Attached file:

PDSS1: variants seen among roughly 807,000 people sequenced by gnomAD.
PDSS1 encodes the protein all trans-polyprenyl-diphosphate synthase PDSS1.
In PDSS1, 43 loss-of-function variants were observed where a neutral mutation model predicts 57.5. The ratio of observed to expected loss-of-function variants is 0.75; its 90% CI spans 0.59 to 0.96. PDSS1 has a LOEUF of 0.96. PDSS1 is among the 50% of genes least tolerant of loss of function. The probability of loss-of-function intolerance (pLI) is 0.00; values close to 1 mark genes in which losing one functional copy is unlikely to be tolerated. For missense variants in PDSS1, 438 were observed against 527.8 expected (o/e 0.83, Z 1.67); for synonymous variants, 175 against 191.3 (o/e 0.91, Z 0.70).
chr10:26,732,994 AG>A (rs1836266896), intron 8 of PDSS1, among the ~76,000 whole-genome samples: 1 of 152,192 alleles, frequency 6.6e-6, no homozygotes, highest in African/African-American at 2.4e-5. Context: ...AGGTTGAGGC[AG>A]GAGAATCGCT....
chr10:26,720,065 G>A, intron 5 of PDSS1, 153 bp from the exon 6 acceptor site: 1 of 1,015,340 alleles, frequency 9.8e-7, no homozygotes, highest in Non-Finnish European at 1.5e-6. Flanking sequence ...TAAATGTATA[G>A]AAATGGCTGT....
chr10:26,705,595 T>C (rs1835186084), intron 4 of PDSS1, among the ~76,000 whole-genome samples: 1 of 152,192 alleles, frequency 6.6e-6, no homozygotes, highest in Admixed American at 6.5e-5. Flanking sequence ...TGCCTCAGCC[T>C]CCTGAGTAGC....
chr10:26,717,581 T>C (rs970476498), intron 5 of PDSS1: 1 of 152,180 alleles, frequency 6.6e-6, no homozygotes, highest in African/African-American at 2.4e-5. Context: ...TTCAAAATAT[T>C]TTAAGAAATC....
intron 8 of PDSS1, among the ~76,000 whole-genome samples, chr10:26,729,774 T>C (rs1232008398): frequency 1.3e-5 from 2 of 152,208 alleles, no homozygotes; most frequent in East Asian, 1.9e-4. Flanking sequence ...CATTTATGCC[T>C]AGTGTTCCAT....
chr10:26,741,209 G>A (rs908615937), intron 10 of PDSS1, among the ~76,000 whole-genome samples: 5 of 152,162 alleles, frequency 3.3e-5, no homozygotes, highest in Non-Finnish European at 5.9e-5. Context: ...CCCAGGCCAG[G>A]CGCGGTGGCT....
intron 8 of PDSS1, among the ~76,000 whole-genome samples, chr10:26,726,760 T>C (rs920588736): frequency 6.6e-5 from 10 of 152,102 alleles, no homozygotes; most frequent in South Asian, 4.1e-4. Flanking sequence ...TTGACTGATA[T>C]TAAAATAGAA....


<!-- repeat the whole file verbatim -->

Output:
PDSS1: variants seen among roughly 807,000 people sequenced by gnomAD.
PDSS1 encodes the protein all trans-polyprenyl-diphosphate synthase PDSS1.
In PDSS1, 43 loss-of-function variants were observed where a neutral mutation model predicts 57.5. The ratio of observed to expected loss-of-function variants is 0.75; its 90% CI spans 0.59 to 0.96. PDSS1 has a LOEUF of 0.96. PDSS1 is among the 50% of genes least tolerant of loss of function. The probability of loss-of-function intolerance (pLI) is 0.00; values close to 1 mark genes in which losing one functional copy is unlikely to be tolerated. For missense variants in PDSS1, 438 were observed against 527.8 expected (o/e 0.83, Z 1.67); for synonymous variants, 175 against 191.3 (o/e 0.91, Z 0.70).
chr10:26,732,994 AG>A (rs1836266896), intron 8 of PDSS1, among the ~76,000 whole-genome samples: 1 of 152,192 alleles, frequency 6.6e-6, no homozygotes, highest in African/African-American at 2.4e-5. Context: ...AGGTTGAGGC[AG>A]GAGAATCGCT....
chr10:26,720,065 G>A, intron 5 of PDSS1, 153 bp from the exon 6 acceptor site: 1 of 1,015,340 alleles, frequency 9.8e-7, no homozygotes, highest in Non-Finnish European at 1.5e-6. Flanking sequence ...TAAATGTATA[G>A]AAATGGCTGT....
chr10:26,705,595 T>C (rs1835186084), intron 4 of PDSS1, among the ~76,000 whole-genome samples: 1 of 152,192 alleles, frequency 6.6e-6, no homozygotes, highest in Admixed American at 6.5e-5. Flanking sequence ...TGCCTCAGCC[T>C]CCTGAGTAGC....
chr10:26,717,581 T>C (rs970476498), intron 5 of PDSS1: 1 of 152,180 alleles, frequency 6.6e-6, no homozygotes, highest in African/African-American at 2.4e-5. Context: ...TTCAAAATAT[T>C]TTAAGAAATC....
intron 8 of PDSS1, among the ~76,000 whole-genome samples, chr10:26,729,774 T>C (rs1232008398): frequency 1.3e-5 from 2 of 152,208 alleles, no homozygotes; most frequent in East Asian, 1.9e-4. Flanking sequence ...CATTTATGCC[T>C]AGTGTTCCAT....
chr10:26,741,209 G>A (rs908615937), intron 10 of PDSS1, among the ~76,000 whole-genome samples: 5 of 152,162 alleles, frequency 3.3e-5, no homozygotes, highest in Non-Finnish European at 5.9e-5. Context: ...CCCAGGCCAG[G>A]CGCGGTGGCT....
intron 8 of PDSS1, among the ~76,000 whole-genome samples, chr10:26,726,760 T>C (rs920588736): frequency 6.6e-5 from 10 of 152,102 alleles, no homozygotes; most frequent in South Asian, 4.1e-4. Flanking sequence ...TTGACTGATA[T>C]TAAAATAGAA....